The Chinese cuisine dates back to thousands of years and has been subject to metamorphosis from time to time and from one place to another depending on climate, fashion and local preferences. The Chinese cuisine embraces both styles from different parts of China and a collection from other parts of the world. Over time, cuisines from other cultures have been integrated into the Chinese cuisine due to imperial expansion and trade with the outside world.
The staple foods of the Chinese include rice, noodles, vegetables and sauce and seasonings. Styles in ancient Chinese cuisine differed because of class, region and ethnicity resulting in an unrivalled range of ingredients, techniques, dishes and eating styles, collectively called the Chinese food. This wide diversity and array of food traditions has over generations caused the Chinese to pride themselves on eating a wide variety of food while also remaining true to the spirit and traditions of the Chinese food culture.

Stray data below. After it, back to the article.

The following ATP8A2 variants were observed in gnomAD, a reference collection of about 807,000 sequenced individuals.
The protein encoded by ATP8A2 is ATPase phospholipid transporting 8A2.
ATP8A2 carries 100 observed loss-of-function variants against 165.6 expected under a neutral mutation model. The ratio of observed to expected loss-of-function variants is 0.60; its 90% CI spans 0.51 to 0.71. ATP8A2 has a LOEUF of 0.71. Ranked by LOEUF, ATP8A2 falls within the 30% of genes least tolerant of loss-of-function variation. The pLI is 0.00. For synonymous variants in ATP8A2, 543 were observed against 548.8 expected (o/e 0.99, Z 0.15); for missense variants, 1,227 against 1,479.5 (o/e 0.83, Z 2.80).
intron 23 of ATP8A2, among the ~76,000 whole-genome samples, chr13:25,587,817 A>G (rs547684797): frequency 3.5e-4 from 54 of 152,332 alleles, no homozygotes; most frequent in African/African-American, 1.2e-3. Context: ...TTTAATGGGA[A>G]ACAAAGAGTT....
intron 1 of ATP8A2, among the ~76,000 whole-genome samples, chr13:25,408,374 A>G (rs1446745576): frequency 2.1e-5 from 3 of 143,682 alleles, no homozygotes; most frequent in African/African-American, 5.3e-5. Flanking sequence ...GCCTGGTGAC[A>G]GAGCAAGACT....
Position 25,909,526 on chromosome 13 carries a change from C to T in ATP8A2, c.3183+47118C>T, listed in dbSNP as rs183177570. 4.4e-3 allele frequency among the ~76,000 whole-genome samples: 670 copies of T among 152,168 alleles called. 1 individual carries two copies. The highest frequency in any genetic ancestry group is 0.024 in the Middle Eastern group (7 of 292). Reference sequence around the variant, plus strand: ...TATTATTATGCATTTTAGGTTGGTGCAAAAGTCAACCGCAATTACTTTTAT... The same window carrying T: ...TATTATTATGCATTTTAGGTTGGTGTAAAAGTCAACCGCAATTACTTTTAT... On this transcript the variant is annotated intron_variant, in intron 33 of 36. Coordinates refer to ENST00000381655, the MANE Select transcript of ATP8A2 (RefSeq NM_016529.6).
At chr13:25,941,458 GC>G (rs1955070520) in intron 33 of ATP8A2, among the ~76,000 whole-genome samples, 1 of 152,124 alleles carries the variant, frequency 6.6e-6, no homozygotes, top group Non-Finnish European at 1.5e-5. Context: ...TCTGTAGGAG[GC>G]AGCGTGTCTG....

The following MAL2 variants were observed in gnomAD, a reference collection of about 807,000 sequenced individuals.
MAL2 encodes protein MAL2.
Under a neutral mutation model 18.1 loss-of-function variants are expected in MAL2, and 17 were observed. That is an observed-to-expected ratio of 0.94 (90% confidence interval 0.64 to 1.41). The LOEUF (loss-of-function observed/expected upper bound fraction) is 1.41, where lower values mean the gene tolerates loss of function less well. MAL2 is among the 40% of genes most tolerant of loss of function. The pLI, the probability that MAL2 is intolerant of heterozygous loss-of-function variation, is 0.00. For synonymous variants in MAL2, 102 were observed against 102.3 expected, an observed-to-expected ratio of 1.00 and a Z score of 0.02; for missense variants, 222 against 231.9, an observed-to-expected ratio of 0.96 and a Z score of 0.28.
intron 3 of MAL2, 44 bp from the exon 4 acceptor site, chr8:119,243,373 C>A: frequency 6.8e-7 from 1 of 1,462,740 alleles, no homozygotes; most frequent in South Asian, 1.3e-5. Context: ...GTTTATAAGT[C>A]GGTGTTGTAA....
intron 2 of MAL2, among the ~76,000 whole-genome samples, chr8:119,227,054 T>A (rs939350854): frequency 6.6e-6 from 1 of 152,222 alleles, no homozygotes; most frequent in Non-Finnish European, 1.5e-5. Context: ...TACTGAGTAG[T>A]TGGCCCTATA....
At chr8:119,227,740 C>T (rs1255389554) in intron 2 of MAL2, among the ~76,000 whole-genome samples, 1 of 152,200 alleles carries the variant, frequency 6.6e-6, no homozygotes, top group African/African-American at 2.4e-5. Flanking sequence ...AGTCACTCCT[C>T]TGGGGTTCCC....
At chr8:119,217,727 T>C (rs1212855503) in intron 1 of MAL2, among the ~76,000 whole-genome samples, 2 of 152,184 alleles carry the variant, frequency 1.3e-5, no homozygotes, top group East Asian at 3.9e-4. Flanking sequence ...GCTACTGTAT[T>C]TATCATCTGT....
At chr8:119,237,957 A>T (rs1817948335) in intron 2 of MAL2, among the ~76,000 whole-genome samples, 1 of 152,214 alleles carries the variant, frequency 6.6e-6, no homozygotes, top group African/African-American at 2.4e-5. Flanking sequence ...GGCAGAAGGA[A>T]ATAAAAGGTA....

The Chinese have eight major culinary traditions. These include Anhui, Cantonese, Fujian, Hunan, Jiangsu, Shandong, Szechuan and Zhejiang cuisines. The styles are distinguishable from one another due to contributors such as availability of resources, climate, geography, history, cooking techniques and lifestyle. The Sichuan cuisine prefers baking while the Jiangsu cuisine on the other hand, favors braising and stewing. Many traditional regional cuisines employ basic preservation techniques such as drying, salting, pickling and fermentation.
The Cantonese cuisine uses traditional cooking methods such as steaming, frying, baking and stewing and is engineered to offer sampling of a variety of different foods by the eater. Some of these dishes include lotus leaf rice, rice rolls, turnip cakes, buns, Shui jiao-style dumplings, stir-fried green vegetables, congee porridge and soups and so on. The Sichuan style, which ...Show more